So, if it worked, why didn’t the gold standard continue? The spread of democracy was the primary reason. Although many Western nations considered themselves democracies, in reality, suffrage was restricted well into the early 20th century. In reading the thoughts of the Founders of the American Republic (Federalist and Anti-Federalist papers, for example), there was great concern over unrestricted democracy. The Founders worried about “mob rule” and constructed mechanisms to reduce the impact of direct democracy. The Electoral College remains as a vestige of these concerns. Senators were selected by state legislators until the passage of the 17th Amendment in 1912; after the passage of this amendment, voters elected senators. Women were not allowed to vote across the country until the 19th Amendment was passed in 1920. Although the 15th Amendment made it illegal to restrict the right to vote based on race, color or creed, the ability of African-Americans to vote in the U.S. was not fully resolved until the 1965 Voting Rights Act.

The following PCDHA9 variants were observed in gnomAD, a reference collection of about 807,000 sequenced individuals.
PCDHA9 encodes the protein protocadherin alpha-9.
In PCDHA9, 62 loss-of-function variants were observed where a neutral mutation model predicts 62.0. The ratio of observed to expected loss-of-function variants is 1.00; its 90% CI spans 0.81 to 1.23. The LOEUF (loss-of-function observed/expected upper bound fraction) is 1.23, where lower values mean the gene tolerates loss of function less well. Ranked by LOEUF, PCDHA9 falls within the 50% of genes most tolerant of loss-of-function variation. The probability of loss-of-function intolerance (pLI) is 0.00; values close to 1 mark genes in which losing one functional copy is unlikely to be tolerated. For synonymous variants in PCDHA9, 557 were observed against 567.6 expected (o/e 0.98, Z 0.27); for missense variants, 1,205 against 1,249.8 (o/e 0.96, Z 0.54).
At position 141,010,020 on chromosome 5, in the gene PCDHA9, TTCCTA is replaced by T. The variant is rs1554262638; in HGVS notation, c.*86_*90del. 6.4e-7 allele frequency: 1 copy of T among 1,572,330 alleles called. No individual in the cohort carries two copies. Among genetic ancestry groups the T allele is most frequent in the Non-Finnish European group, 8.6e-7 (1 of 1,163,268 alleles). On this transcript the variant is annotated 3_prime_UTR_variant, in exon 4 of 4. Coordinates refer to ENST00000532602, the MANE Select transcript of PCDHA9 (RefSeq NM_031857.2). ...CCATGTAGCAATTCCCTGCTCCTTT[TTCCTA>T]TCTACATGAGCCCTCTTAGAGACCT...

This chart shows the number Americans voting for president as a percentage of the total population. Until 1820, under 5% of the population elected the president. Even into WWI, the percentage was under 20%. It appears the gold standard became difficult to maintain once that 20% threshold was broken.